“Because of its universal appeal, sports time and time again prove to be a powerful framework for partnerships, advocacy and public awareness building. The United Nations and the Sustainable Development Goals (SDGs) Fund have therefore created a special toolkit which aims to identify and showcase the important role sports play in mobilising support and creating public awareness of the SDGs,” Paul Poole explained in a release issued late last week. (See release here.)
The toolkit is aimed at relevant stakeholders including United Nations entities, Member States, sports-related organisations and agencies, associations, foundations, civil society and the private sector.
The toolkit presents a number of case studies that illustrate how sports can help achieve SDGs such as ending poverty; ending hunger and achieving food security and improved nutrition; make cities and human settlements more safe, resilient and sustainable; and achieve gender equality and empower all women and girls, he added.
“The toolkit also looks at the private sector as active partners in driving positive change and highlights the innovations and creativeness of global companies like Coca-Cola to reach the far corners of the world. It is argued that this kind of resilient approach can help form the most dynamic and transformational solutions to addressing the SDGs,” Mr Poole said.
Mr Poole also pointed out that, after reviewing a number of case studies and examples of sports as a tool to achieve the SDGs, the toolkit concludes with a number of recommendations for stakeholders, including:
• Sports programmes should develop strategies that address multiple SDGs using the same resources.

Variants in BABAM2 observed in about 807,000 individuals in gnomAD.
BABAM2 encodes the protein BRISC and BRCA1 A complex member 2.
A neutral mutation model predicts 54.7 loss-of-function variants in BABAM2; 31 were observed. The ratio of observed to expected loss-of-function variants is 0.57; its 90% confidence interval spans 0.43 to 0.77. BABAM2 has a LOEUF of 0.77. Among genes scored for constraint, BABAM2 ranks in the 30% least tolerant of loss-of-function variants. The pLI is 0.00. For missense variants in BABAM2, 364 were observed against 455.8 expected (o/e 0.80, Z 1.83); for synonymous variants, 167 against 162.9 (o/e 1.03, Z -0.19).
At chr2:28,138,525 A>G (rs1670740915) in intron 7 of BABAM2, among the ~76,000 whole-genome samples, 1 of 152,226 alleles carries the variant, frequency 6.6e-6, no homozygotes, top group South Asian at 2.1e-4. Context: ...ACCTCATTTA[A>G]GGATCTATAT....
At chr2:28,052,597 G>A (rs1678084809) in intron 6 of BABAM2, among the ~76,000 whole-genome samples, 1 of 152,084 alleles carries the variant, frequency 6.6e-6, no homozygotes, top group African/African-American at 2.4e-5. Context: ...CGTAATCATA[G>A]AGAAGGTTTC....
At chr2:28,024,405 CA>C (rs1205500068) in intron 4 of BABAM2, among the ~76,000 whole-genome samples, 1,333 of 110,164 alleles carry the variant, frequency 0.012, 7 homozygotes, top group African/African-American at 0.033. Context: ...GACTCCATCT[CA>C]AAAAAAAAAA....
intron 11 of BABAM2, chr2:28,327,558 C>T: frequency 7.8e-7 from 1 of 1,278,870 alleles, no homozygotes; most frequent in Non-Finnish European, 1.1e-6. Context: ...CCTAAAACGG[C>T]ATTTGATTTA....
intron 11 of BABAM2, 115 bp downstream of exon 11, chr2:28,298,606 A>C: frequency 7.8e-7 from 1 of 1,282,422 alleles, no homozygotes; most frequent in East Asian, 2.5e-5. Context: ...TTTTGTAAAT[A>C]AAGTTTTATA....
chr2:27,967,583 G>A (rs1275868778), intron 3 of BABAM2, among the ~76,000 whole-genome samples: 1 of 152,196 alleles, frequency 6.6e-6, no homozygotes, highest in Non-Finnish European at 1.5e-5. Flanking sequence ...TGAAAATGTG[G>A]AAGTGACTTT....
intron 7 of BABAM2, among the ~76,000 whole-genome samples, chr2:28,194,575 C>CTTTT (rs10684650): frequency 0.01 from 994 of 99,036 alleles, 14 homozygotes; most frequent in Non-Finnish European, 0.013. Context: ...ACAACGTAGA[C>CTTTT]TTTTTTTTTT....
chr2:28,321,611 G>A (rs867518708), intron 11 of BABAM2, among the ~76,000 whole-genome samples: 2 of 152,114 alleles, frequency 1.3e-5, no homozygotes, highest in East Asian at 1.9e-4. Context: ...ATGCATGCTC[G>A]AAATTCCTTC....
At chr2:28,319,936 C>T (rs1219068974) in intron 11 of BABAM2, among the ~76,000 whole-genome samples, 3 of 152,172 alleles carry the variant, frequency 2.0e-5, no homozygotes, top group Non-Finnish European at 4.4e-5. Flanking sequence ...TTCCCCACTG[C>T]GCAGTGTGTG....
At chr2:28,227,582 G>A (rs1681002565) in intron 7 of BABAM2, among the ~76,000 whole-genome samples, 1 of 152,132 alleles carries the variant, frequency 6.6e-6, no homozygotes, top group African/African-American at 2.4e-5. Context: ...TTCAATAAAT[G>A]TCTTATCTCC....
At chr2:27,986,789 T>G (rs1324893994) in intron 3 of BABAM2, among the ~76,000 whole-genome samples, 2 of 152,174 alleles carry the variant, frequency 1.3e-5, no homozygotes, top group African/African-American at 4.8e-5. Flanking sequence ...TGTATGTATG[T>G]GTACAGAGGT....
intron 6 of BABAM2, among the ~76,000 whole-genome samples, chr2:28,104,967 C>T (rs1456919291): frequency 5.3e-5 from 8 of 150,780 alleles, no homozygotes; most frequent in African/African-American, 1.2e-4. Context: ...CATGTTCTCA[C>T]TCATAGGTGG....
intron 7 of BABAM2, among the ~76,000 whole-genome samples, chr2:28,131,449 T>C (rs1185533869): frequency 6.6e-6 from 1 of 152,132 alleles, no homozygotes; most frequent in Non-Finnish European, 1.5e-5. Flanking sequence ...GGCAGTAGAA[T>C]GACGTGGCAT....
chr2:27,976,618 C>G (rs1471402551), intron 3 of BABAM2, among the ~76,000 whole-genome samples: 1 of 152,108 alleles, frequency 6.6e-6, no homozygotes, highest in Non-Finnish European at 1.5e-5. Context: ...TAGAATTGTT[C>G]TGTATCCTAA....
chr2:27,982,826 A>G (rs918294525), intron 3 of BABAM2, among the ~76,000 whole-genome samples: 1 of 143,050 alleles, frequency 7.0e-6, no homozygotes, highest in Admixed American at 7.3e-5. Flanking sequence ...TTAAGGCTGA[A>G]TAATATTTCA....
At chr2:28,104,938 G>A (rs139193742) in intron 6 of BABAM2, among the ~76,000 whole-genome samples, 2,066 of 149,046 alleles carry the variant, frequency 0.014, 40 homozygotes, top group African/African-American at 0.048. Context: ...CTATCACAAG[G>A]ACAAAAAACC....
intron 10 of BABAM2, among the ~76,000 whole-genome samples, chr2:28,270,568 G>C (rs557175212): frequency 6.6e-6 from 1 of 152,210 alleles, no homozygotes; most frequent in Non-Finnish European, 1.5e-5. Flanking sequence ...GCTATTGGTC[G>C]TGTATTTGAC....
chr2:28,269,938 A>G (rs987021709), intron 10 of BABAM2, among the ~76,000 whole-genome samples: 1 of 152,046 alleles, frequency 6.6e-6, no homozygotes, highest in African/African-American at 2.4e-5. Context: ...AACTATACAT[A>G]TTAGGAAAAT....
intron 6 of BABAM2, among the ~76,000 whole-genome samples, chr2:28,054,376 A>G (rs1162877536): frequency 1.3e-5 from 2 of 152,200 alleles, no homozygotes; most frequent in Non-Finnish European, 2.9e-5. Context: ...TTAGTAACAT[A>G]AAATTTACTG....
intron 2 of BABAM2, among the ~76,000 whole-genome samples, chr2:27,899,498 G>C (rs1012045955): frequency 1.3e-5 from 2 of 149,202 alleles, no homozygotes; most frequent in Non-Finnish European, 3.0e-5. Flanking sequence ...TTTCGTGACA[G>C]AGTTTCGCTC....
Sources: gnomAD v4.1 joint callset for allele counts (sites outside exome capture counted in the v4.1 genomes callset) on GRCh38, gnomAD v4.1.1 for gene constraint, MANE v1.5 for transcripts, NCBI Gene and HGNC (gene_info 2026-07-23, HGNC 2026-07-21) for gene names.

• Cross-sector partnerships should be pursued to encourage the formation of alliances between sectors to address development gaps that governments are unable to address.
• Knowledge and expertise exchange and sharing between development sectors and sports stakeholders must be encouraged.
• There should be more funding for inclusive sports and development programmes. The private sector has a big role to play in this part.
• Governments should create policies that increasingly favour and encourage collaborations and partnerships in order to incentivise and fast-track the attainment of sustainable development through sports.
Working with Mr Yeomans, The Sponsorship Experts offer insights, strategic consultancy and executive learning to rights holders helping them create and structure rights that support the UN goals and are attractive to Millennials and Gen Z, Mr Poole explained.
“We help rights holders understand how the UN Sustainable Development Goals (SDGs) impact them and how they can use these SDGs to build the future of their business to make a difference.
Rights holders aligning themselves with the SDGs are extremely attractive to brands and have an edge of over those that are not aligned,” he said.
“Hundreds of large companies are fully committed to the SDGs including: adidas, Aviva, Barclay’s, Danone, HSBC, McDonald’s, Nestle, Nike, Pepsico, Puma, Sky and Unilever… to name a few.
“The goals will create an estimated US$11 trillion in value for the companies that get their priorities right and communicate their work effectively to investors, consumers and governments,” he added.